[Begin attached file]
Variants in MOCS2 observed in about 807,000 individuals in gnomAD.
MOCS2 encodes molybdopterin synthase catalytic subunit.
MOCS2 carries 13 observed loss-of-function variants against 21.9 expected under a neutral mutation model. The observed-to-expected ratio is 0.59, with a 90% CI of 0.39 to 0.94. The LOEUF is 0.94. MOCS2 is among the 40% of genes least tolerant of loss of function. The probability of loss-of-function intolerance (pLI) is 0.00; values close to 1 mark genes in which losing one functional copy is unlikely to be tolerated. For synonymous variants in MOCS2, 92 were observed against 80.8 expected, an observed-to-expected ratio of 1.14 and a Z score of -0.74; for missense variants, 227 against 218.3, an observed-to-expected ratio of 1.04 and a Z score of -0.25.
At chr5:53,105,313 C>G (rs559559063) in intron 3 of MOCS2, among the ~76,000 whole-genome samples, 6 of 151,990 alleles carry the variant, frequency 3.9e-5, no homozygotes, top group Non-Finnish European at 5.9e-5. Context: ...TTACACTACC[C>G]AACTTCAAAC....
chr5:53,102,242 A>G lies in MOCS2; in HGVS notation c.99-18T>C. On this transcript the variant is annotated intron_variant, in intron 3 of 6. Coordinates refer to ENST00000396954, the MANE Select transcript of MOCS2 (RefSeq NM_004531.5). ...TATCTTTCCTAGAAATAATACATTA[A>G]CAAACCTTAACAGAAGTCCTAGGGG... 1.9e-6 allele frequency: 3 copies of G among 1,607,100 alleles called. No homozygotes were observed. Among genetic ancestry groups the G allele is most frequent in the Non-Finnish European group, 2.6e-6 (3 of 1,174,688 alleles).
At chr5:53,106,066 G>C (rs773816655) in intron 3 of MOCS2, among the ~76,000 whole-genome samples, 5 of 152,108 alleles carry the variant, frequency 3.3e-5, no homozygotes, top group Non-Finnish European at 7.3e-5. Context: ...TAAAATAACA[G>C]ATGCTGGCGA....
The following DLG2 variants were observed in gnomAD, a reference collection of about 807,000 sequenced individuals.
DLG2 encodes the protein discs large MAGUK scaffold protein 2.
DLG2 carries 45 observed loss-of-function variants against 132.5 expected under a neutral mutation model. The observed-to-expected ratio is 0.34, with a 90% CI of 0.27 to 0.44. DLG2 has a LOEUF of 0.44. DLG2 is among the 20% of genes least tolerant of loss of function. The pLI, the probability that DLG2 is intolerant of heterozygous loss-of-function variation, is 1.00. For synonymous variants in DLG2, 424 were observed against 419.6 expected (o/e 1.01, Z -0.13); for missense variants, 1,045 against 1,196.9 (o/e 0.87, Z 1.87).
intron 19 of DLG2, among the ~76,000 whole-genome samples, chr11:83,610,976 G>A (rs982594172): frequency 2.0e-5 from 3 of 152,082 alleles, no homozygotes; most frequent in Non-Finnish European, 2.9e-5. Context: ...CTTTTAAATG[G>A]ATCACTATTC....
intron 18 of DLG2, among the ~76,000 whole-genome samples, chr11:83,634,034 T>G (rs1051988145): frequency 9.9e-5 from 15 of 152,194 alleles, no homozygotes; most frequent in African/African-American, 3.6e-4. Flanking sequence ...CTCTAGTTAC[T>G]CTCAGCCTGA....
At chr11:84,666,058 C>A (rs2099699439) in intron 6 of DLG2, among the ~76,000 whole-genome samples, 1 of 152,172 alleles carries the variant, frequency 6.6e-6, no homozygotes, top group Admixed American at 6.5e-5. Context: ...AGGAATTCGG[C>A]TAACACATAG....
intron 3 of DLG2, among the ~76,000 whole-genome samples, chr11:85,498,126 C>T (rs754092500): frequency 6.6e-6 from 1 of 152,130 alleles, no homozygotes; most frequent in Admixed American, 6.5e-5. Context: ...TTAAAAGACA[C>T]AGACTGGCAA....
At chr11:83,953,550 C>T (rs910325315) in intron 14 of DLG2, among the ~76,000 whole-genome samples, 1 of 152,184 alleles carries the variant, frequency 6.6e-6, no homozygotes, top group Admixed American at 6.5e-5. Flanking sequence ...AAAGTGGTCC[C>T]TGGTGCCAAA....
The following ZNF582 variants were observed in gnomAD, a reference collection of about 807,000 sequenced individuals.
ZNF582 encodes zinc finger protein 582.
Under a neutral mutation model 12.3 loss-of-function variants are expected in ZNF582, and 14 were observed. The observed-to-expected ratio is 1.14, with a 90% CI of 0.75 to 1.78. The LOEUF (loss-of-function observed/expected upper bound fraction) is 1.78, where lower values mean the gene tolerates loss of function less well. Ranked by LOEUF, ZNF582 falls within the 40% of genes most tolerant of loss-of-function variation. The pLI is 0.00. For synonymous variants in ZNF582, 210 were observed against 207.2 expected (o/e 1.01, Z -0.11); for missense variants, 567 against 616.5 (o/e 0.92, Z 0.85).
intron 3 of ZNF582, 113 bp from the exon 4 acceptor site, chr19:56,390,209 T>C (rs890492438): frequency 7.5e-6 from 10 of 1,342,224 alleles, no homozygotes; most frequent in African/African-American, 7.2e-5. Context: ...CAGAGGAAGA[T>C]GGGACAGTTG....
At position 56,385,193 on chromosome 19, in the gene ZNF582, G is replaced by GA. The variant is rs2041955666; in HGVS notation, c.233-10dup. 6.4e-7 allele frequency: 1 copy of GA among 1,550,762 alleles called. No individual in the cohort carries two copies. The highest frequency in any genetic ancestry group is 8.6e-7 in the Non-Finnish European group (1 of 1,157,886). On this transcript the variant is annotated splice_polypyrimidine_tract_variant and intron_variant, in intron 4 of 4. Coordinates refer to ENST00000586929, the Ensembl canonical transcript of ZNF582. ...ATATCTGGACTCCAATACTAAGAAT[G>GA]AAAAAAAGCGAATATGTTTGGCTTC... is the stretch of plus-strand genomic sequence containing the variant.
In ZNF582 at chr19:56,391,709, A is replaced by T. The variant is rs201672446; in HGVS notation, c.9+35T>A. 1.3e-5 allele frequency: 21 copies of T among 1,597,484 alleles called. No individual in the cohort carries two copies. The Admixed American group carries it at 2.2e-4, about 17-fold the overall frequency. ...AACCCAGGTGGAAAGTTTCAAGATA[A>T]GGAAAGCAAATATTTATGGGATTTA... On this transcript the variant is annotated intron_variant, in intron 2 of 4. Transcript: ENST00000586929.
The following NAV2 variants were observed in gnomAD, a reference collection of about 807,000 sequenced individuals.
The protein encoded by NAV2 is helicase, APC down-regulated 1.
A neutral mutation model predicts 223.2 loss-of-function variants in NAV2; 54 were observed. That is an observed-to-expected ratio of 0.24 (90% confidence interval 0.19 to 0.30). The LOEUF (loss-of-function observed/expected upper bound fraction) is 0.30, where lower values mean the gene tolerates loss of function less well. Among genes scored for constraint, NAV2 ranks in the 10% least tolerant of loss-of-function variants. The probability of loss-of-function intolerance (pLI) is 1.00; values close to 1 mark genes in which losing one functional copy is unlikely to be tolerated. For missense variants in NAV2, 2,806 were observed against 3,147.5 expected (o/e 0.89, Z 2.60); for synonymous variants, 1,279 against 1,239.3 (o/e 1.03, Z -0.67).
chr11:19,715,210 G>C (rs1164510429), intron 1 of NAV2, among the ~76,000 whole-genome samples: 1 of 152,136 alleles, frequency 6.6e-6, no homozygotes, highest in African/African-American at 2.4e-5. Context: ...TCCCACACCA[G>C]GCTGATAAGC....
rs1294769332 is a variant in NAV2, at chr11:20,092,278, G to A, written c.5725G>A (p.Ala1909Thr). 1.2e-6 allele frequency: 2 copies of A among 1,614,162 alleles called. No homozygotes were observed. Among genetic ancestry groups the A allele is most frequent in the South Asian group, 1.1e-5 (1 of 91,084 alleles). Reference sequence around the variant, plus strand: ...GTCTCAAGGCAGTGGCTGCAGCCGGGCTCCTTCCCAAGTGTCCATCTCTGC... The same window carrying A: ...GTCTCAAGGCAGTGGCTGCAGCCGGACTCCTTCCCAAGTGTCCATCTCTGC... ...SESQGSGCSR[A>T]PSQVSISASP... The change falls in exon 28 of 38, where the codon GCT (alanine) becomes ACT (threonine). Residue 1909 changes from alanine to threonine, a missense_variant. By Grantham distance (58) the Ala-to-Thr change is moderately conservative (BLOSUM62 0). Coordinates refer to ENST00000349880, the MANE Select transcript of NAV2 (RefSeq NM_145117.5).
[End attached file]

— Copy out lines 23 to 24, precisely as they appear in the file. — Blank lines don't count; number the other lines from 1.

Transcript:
A neutral mutation model predicts 223.2 loss-of-function variants in NAV2; 54 were observed. That is an observed-to-expected ratio of 0.24 (90% confidence interval 0.19 to 0.30). The LOEUF (loss-of-function observed/expected upper bound fraction) is 0.30, where lower values mean the gene tolerates loss of function less well. Among genes scored for constraint, NAV2 ranks in the 10% least tolerant of loss-of-function variants. The probability of loss-of-function intolerance (pLI) is 1.00; values close to 1 mark genes in which losing one functional copy is unlikely to be tolerated. For missense variants in NAV2, 2,806 were observed against 3,147.5 expected (o/e 0.89, Z 2.60); for synonymous variants, 1,279 against 1,239.3 (o/e 1.03, Z -0.67).
chr11:19,715,210 G>C (rs1164510429), intron 1 of NAV2, among the ~76,000 whole-genome samples: 1 of 152,136 alleles, frequency 6.6e-6, no homozygotes, highest in African/African-American at 2.4e-5. Context: ...TCCCACACCA[G>C]GCTGATAAGC....